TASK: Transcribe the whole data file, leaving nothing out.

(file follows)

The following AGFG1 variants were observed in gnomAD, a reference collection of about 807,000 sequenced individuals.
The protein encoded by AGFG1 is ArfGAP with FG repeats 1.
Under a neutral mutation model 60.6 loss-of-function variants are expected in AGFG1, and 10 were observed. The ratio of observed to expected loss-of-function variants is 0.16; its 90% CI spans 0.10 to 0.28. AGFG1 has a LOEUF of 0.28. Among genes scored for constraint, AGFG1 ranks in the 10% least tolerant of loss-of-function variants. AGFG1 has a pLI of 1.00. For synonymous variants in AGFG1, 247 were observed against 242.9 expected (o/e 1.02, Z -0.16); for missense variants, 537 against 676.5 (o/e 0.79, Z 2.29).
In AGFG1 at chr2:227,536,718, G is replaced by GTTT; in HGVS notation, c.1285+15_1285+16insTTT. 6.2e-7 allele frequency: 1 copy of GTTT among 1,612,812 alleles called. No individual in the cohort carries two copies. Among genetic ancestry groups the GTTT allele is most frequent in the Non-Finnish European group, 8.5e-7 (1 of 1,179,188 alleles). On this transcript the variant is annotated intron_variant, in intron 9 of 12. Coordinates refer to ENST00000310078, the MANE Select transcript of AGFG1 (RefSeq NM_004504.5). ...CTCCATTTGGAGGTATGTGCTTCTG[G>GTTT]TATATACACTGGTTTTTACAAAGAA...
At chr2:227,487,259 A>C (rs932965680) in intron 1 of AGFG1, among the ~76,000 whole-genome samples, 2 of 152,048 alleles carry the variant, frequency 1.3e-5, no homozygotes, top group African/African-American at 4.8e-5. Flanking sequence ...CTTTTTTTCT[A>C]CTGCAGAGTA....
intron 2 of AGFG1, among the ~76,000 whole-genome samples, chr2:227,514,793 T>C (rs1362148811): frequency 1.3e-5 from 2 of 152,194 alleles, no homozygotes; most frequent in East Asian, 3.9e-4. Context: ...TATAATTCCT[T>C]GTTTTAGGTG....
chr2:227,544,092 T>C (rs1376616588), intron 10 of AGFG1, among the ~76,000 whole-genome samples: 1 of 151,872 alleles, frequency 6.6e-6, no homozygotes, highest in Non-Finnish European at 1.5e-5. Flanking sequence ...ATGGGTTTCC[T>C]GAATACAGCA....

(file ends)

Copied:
The following AGFG1 variants were observed in gnomAD, a reference collection of about 807,000 sequenced individuals.
The protein encoded by AGFG1 is ArfGAP with FG repeats 1.
Under a neutral mutation model 60.6 loss-of-function variants are expected in AGFG1, and 10 were observed. The ratio of observed to expected loss-of-function variants is 0.16; its 90% CI spans 0.10 to 0.28. AGFG1 has a LOEUF of 0.28. Among genes scored for constraint, AGFG1 ranks in the 10% least tolerant of loss-of-function variants. AGFG1 has a pLI of 1.00. For synonymous variants in AGFG1, 247 were observed against 242.9 expected (o/e 1.02, Z -0.16); for missense variants, 537 against 676.5 (o/e 0.79, Z 2.29).
In AGFG1 at chr2:227,536,718, G is replaced by GTTT; in HGVS notation, c.1285+15_1285+16insTTT. 6.2e-7 allele frequency: 1 copy of GTTT among 1,612,812 alleles called. No individual in the cohort carries two copies. Among genetic ancestry groups the GTTT allele is most frequent in the Non-Finnish European group, 8.5e-7 (1 of 1,179,188 alleles). On this transcript the variant is annotated intron_variant, in intron 9 of 12. Coordinates refer to ENST00000310078, the MANE Select transcript of AGFG1 (RefSeq NM_004504.5). ...CTCCATTTGGAGGTATGTGCTTCTG[G>GTTT]TATATACACTGGTTTTTACAAAGAA...
At chr2:227,487,259 A>C (rs932965680) in intron 1 of AGFG1, among the ~76,000 whole-genome samples, 2 of 152,048 alleles carry the variant, frequency 1.3e-5, no homozygotes, top group African/African-American at 4.8e-5. Flanking sequence ...CTTTTTTTCT[A>C]CTGCAGAGTA....
intron 2 of AGFG1, among the ~76,000 whole-genome samples, chr2:227,514,793 T>C (rs1362148811): frequency 1.3e-5 from 2 of 152,194 alleles, no homozygotes; most frequent in East Asian, 3.9e-4. Context: ...TATAATTCCT[T>C]GTTTTAGGTG....
chr2:227,544,092 T>C (rs1376616588), intron 10 of AGFG1, among the ~76,000 whole-genome samples: 1 of 151,872 alleles, frequency 6.6e-6, no homozygotes, highest in Non-Finnish European at 1.5e-5. Flanking sequence ...ATGGGTTTCC[T>C]GAATACAGCA....